The truth about Not At Fault claims
So we have all had a situation where our property has been damaged in a collision that was not our fault. Once the initial shock turns into disappointment that your pride and joy has been tainted, …
So we have all had a situation where our property has been damaged in a collision that was not our fault. Once the initial shock turns into disappointment that your pride and joy has been tainted, what happens next?
Most people’s first reaction is to call their insurer, this is an understandable. You pay your insurance premiums so that everything can be taken care of for you, right?
But what happens when you lodge a claim with your own insurer for an incident where you’re not at fault? This seems to be one of those areas of uncertainty, it’s not a dark art really – it just takes someone to call it out and run through it. So read on.
When you lodge a claim with your insurer, whether you’re at fault or not, you are calling on your policy to respond for you. This involves various administrative activities, from the conversation with a claims handler on the phone, through to repairs and completion of the claim. All of these activities come at a cost for your insurer, but are a contracted obligation and promise that your insurer makes to you when you enter into the insurance contract. Stay with me, don’t fall asleep yet!
Now in any business, a cost has to be paid for. In the insurance business, the costs associated with a claim are covered in the following ways:
- By calculating and charging a premium which considers the potential risk posed by the “insured”. This is everything that’s got to do with the person who is applying for insurance and forms part of what we call underwriting criteria. These are manifested in the form of questions for the quote. As we’ve mentioned before, it’s your duty to answer these questions honestly and completely, as they’re what determine pricing and whether coverage is offered to you at all.
- The above premium is invested. Obviously, the premium you pay wont cover the costs of any claims you may need to make, so investing helps to bolster the pool of funds available to payout claims, but it still doesn’t cover the whole cost. Insurance is a community funding scheme, where sometimes the premium i pay will go towards funding your claim.
- When you lodge a claim an excess is charged. This goes towards the cost of the claim, be it the administrative activity or the actual payment towards yours or third party repairs
- If your not at fault, a recovery is attempted from the Third Party or their insurer for the costs of repairing your vehicle. These often won’t be a complete recovery for our costs, this is just the nature of the insurance industry. This is an even higher risk for a company like Club 4X4, because we do offer choice of repairer and cover your modifications and accessories, something that no other insurer in Australia does as comprehensively as we do.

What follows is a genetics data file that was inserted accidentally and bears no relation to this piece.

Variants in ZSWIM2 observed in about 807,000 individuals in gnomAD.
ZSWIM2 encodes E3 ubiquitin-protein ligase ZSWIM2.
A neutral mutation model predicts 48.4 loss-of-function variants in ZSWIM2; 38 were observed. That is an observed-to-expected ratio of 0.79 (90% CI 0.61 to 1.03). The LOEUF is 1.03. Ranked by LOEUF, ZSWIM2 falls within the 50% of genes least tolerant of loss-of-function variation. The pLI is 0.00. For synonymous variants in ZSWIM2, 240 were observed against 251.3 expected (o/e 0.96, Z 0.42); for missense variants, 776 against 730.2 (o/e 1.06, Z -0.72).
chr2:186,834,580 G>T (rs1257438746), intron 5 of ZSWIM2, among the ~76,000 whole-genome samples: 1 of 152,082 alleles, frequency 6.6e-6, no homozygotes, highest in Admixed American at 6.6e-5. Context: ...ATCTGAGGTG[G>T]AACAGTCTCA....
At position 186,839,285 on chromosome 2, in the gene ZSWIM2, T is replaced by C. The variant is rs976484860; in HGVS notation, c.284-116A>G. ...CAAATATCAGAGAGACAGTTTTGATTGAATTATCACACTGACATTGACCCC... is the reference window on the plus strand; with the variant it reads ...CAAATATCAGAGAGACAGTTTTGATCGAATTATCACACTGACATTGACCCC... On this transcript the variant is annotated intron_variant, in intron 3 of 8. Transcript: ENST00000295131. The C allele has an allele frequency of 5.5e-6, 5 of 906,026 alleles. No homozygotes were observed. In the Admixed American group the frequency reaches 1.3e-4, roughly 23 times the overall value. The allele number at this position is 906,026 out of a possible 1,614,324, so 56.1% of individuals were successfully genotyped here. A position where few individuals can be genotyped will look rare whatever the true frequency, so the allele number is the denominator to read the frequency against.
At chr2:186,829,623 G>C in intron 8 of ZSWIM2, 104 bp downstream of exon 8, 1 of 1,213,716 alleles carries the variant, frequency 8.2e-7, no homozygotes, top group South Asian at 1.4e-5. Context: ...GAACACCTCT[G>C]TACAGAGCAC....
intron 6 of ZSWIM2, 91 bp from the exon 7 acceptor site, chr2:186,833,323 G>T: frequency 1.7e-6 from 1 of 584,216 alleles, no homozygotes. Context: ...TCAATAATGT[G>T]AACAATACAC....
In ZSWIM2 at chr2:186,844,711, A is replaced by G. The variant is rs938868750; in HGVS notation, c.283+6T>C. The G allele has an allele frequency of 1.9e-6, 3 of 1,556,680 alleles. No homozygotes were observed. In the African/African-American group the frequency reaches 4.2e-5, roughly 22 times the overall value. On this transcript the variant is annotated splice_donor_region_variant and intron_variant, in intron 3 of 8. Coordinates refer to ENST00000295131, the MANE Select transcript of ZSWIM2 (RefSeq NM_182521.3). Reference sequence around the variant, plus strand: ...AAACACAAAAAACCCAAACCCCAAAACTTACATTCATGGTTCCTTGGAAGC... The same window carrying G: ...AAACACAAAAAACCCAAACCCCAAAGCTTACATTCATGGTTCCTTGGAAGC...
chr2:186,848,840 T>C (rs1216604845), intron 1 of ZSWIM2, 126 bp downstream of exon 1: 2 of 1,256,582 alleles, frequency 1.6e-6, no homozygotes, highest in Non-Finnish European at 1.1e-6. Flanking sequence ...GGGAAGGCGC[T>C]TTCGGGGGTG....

So why does all this matter to you? Well let’s go back to the concept called out earlier; by lodging a claim with your insurer where you’re not at fault, you are asking that policy to respond to your need, and it will. Generally at this stage an excess will be charged, which maybe refundable if and when a recovery is made.
Further to this, your claim will be noted on a central claims register that all insurers participate in and use. Yes, it will be noted as a not-at-fault claim, but it will be noted nonetheless. This becomes critical when you apply for insurance in the future. Many insurers will ask you about your claims history, whether it be at fault or not at fault, glass of theft. When you go to answer this question, you MUSTnote this not-at-fault claim. With some insurers this will make a difference to your premium, to others it wont. Scarily, with some you wont ever know.
We are upfront about this and call out that Not-At-Fault claims are part of our underwriting criteria and will result in premiums being higher. So what you decide to do when you’ve had an incident that’s not you fault becomes all the more important.
What’s the option you ask? Well in my own personal experience, i have always ensured i’ve collected the following from the third party at the scene of the accident.
- Full name and address off their license (or better yet in this day and age you can take a photo of their license)
- The registration number of the vehicle
- Year, Make and model of the vehicle
- Who they’re insured with – if at all
I then take my vehicle directly to my own repairer. He quotes the work and arranges an assessment from the third party’s insurer, then the vehicle gets repaired! This has always been my preferred method as it’s simpler. I don’t have to deal with an insurer, i just get the car fixed.
Now this might not always be the case. Some people wont have insurance; unless you can strike a deal with them then you’ll need to lodge a claim and your insurer will deal with it. In some cases the third party’s insurer will deny liability, again, this is a case where you lodge with your own insurer and they will fight it for you. Other complications may include the Third Party insurer not wanting the vehicle repaired at your chosen repairer. My advice, go directly to their Internal Dispute Resolution (IDR) process, move through that quickly then get onto the Financial Services Ombudsman – it will rarely get past IDR.
So it’s not always clear cut, but my opinion is you always try the simple option first and keep it away from your own policy. At the end of the day if you need it, your policy will always respond and take care of you but as noted above, sometimes there will be consequences.
Hopefully this helps to clarify the grey out there on this topic